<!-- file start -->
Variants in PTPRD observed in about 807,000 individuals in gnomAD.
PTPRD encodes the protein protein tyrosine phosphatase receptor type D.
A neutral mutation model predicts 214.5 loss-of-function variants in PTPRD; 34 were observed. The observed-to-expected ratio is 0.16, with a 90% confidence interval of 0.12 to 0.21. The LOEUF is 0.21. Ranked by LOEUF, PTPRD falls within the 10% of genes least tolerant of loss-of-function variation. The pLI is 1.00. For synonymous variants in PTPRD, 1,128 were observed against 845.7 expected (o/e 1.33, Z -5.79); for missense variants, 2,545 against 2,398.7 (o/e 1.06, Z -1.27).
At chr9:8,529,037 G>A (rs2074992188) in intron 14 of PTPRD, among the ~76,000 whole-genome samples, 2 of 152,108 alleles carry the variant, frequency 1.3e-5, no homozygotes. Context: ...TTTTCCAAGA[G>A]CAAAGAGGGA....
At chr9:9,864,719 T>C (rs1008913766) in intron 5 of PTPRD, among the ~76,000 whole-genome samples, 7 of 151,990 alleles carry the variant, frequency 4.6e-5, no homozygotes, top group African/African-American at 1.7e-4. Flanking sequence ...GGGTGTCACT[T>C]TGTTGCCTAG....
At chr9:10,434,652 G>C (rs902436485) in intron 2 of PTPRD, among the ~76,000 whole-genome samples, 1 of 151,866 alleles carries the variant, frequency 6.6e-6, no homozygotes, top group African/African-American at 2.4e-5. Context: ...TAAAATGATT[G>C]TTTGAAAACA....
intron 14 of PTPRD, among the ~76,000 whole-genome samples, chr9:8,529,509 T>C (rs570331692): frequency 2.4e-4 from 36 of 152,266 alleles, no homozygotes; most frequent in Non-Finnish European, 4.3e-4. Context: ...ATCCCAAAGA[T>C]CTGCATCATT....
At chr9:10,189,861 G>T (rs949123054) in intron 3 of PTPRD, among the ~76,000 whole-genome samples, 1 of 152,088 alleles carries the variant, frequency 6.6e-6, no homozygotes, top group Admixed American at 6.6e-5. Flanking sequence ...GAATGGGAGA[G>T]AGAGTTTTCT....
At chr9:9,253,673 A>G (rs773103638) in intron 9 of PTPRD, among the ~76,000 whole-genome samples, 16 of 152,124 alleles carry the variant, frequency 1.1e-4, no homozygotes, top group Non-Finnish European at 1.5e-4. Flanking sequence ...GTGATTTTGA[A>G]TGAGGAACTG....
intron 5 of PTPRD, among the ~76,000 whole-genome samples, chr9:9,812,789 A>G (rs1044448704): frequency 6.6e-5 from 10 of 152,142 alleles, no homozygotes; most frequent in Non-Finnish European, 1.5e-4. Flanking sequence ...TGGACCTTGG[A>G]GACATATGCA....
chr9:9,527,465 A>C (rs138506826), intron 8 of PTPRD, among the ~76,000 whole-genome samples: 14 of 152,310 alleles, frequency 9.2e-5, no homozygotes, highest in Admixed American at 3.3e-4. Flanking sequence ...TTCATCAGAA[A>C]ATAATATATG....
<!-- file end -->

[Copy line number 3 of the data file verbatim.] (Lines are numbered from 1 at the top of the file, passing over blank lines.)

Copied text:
A neutral mutation model predicts 214.5 loss-of-function variants in PTPRD; 34 were observed. The observed-to-expected ratio is 0.16, with a 90% confidence interval of 0.12 to 0.21. The LOEUF is 0.21. Ranked by LOEUF, PTPRD falls within the 10% of genes least tolerant of loss-of-function variation. The pLI is 1.00. For synonymous variants in PTPRD, 1,128 were observed against 845.7 expected (o/e 1.33, Z -5.79); for missense variants, 2,545 against 2,398.7 (o/e 1.06, Z -1.27).